Thursday, 25 June 2015


I am most impressed with Mark and Dave's work this week.
I have not got a photo of  Mark's work as my camera battery died but I will post one next week.
Here is Dave's work. 

Wednesday, 24 June 2015


I'm really impressed with everyone's efforts this week. Mark, that's a great piece you are working on. I hope you manage to finish it. Andy, your comic book work is coming along nicely. Ann-Marie. I know it can seem like pulling teeth sometimes but you are making great progress. Richard, Great work on your project. Oliver, I think you have made some positive advances with your project. Keep it up.

Ann-Marie, here is a link to the Becky Cloonan podcast interview. I found it very interesting. I think it will help.

Wednesday, 17 June 2015


Here are the images from last night's class. Words to follow later
This drawing is  basically composed with a circle and an oval.
I have identified these shapes using colour below.

I feel confident that you can plot the face and body using the methods discussed earlier in the course. 
Just remember to keep an eye on the proportions   of the anatomy. 
You don't have to follow my  figure exactly, feel free to recreate this  according to your style of drawing.

Wednesday, 10 June 2015


I am not going to recap everything we discussed in class but I will post the images I promised and a few notes.
There are so many  excellent storytellers in comic book art  to choose from it was difficult  deciding on what to post here.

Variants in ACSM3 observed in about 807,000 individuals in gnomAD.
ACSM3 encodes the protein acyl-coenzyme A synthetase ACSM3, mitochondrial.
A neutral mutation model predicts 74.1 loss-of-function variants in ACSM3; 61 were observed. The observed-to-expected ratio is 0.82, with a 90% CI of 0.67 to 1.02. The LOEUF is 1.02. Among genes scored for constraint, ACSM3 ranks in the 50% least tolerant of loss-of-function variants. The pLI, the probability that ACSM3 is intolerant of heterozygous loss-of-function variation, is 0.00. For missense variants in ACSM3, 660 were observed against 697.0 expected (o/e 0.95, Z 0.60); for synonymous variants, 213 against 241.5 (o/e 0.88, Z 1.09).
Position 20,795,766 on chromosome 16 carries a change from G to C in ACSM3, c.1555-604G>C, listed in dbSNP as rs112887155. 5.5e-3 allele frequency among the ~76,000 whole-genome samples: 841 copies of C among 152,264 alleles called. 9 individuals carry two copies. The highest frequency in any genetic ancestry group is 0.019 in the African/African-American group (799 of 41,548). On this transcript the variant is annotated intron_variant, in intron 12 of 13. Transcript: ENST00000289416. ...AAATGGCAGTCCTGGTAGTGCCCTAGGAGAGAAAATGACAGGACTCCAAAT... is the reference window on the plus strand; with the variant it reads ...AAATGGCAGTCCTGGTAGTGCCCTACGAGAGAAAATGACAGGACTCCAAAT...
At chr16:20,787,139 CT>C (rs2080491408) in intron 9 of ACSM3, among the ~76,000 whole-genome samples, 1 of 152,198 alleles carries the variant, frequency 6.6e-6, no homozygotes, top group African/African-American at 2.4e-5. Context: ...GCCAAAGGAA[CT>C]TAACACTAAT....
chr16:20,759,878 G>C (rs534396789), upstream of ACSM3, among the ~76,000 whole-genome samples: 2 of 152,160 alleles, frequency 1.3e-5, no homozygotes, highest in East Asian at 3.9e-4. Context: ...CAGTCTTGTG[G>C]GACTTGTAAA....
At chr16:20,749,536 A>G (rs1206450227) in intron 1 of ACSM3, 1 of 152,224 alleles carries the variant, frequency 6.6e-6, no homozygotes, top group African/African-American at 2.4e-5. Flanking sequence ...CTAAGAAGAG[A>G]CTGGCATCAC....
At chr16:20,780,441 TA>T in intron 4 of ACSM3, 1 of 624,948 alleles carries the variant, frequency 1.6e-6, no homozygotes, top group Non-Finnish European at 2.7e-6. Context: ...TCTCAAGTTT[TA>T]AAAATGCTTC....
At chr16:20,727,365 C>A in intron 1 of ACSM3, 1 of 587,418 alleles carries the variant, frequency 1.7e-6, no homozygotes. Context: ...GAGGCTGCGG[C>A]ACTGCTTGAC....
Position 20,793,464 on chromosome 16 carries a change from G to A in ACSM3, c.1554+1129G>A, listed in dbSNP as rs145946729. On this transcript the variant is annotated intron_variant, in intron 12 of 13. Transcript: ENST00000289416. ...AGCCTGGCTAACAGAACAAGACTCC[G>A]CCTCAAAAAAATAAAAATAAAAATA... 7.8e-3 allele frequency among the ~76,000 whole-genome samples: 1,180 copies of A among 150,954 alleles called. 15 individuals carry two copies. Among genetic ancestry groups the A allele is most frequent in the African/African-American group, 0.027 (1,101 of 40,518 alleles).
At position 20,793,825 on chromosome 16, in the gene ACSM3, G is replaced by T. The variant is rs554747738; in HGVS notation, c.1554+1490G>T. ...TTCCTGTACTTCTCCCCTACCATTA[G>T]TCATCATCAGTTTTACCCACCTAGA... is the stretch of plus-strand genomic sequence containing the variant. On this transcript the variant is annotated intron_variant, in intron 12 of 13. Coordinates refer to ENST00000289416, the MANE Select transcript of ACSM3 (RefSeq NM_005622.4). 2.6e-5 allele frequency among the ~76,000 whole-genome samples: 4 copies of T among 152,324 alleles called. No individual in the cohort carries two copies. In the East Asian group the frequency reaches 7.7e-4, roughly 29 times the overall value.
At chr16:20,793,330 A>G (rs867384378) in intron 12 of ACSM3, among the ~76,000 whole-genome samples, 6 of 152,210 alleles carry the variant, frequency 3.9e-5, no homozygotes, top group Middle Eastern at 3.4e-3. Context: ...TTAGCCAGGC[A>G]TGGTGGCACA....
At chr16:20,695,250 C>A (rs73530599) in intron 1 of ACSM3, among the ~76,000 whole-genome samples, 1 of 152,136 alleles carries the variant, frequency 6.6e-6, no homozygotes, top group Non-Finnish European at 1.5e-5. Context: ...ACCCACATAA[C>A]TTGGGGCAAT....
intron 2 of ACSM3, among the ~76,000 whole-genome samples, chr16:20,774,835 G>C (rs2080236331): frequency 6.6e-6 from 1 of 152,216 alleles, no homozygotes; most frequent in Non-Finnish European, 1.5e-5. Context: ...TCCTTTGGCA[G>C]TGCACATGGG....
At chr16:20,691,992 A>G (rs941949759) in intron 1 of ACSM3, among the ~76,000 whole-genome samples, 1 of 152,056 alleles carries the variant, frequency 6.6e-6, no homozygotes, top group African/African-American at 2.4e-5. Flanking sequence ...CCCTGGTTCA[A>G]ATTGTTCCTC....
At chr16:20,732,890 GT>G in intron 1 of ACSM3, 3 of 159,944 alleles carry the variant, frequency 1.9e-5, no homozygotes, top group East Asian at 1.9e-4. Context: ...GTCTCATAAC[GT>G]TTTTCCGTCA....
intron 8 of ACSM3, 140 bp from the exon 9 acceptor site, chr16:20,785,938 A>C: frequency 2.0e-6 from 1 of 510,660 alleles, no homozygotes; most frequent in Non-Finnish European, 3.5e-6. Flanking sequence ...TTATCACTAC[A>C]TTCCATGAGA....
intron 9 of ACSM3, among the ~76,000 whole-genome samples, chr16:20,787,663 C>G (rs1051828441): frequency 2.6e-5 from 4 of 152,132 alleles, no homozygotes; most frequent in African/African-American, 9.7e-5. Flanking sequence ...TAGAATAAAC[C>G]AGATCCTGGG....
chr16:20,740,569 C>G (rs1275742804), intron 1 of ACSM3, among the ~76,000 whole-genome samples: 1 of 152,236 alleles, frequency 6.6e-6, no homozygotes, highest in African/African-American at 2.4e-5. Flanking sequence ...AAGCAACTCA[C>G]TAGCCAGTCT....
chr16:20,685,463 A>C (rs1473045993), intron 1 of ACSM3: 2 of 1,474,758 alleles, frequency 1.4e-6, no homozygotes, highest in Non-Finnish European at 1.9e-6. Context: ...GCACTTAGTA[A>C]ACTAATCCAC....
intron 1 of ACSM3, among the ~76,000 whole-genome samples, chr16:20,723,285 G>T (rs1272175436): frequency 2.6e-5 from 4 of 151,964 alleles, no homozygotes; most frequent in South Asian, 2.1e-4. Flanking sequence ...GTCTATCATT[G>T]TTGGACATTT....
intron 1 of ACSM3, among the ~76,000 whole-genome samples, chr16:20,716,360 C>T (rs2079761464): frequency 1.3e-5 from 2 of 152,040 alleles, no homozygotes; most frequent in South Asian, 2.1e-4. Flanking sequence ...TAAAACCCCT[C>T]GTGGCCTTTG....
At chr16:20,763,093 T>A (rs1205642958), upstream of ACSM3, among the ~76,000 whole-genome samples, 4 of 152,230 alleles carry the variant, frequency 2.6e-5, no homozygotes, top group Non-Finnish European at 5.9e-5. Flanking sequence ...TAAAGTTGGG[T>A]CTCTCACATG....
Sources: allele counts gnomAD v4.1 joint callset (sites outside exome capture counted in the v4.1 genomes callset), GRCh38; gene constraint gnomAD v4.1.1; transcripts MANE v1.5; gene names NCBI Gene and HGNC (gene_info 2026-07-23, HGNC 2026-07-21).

In the end I picked artists who are known in the field of fantasy art and horror.
 The page above, is an adaptation of Edgar Allan Poe's The Black Cat by Bernie Wrightson.
Wrightson, is not only a highly skilled illustrator but also  matches this with equal storytelling power.
Just look at the opening panel.  The use of solid black. The authenticity of the detail.
Wrightson sets the stage with this panel. This is where the story takes place. In the house and the surrounding land.
The bottom  panel  cuts to an interior, depicting a loving scene of the story's couple and their affection for animals, which make the panels that follow all the more disturbing. Setting the reader up perfectly.
This story , and others, can be found in this collected works volume.
It's a rather excellent book.

These are the images  for Ann-Marie
These panels are taken from Fatal created by Ed Brubaker (Writer) and Sean Phillips (Artist)
These are examples of multi panel pans.
I like the first multipanel  how it flows like a camera might pan dawn in an erotic scene in a movie where the director doesn't want to be explicit  with the sex scene. Although, I did wonder whether the last two text panels in the bottom actually relate to the imagery, or whether it was just for a fade out effect.
Still, it slows the reader down  and makes this a lingering scene. So I guess this is a good example.
This one, however, one works much better in my opinion.

Other comic book artists who make good use of multi panel pans are Frank Miller and Paul Gullacy.

You may find  this link interesting.

Monday, 8 June 2015


Here are the images from  the last class exercise.
This the end result you are aiming for.  Layout-wise not necessarily style of execution.
Here is the inked version

Some skull refs